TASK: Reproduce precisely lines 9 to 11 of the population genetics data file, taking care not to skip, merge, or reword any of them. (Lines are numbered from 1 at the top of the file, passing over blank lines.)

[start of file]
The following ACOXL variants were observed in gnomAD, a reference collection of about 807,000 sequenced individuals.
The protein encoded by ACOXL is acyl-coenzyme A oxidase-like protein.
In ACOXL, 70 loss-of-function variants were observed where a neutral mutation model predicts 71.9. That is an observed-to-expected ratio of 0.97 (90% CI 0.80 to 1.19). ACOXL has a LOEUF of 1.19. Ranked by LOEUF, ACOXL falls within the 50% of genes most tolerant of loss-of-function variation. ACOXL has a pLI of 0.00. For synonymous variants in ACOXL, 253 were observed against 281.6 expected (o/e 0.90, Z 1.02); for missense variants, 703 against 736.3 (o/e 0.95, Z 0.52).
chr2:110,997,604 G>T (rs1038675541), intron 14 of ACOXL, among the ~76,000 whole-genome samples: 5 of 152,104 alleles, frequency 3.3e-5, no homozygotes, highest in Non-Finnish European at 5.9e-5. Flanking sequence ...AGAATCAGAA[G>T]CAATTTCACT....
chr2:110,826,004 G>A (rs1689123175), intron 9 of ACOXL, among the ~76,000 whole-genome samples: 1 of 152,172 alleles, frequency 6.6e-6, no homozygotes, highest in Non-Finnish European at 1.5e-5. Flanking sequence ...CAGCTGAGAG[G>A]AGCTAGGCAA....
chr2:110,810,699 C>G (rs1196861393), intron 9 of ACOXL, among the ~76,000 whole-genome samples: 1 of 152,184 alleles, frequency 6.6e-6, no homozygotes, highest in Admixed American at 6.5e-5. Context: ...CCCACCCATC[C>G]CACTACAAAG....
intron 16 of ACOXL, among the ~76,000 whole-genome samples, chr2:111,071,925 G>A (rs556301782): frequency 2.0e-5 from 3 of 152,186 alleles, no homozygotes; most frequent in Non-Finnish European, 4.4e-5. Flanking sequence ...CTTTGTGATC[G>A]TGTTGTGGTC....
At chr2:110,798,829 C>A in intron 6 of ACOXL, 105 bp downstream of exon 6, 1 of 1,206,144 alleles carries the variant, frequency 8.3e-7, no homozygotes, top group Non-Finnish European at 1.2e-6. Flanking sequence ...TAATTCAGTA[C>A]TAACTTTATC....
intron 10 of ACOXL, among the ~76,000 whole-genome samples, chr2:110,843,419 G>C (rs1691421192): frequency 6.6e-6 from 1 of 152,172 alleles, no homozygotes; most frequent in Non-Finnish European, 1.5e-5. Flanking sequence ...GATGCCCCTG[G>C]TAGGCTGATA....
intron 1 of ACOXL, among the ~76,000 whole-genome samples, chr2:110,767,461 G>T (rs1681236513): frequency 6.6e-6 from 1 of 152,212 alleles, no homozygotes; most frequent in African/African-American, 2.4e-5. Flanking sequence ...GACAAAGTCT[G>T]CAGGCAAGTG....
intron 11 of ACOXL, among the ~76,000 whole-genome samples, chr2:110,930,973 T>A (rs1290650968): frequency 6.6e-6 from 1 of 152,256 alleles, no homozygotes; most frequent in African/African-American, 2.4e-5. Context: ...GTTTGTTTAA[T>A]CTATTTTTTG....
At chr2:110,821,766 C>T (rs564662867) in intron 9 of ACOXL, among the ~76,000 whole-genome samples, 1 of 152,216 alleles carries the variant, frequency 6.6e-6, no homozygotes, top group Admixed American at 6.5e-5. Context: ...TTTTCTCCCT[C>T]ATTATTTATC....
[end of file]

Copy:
intron 10 of ACOXL, among the ~76,000 whole-genome samples, chr2:110,843,419 G>C (rs1691421192): frequency 6.6e-6 from 1 of 152,172 alleles, no homozygotes; most frequent in Non-Finnish European, 1.5e-5. Flanking sequence ...GATGCCCCTG[G>C]TAGGCTGATA....
intron 1 of ACOXL, among the ~76,000 whole-genome samples, chr2:110,767,461 G>T (rs1681236513): frequency 6.6e-6 from 1 of 152,212 alleles, no homozygotes; most frequent in African/African-American, 2.4e-5. Flanking sequence ...GACAAAGTCT[G>T]CAGGCAAGTG....
intron 11 of ACOXL, among the ~76,000 whole-genome samples, chr2:110,930,973 T>A (rs1290650968): frequency 6.6e-6 from 1 of 152,256 alleles, no homozygotes; most frequent in African/African-American, 2.4e-5. Context: ...GTTTGTTTAA[T>A]CTATTTTTTG....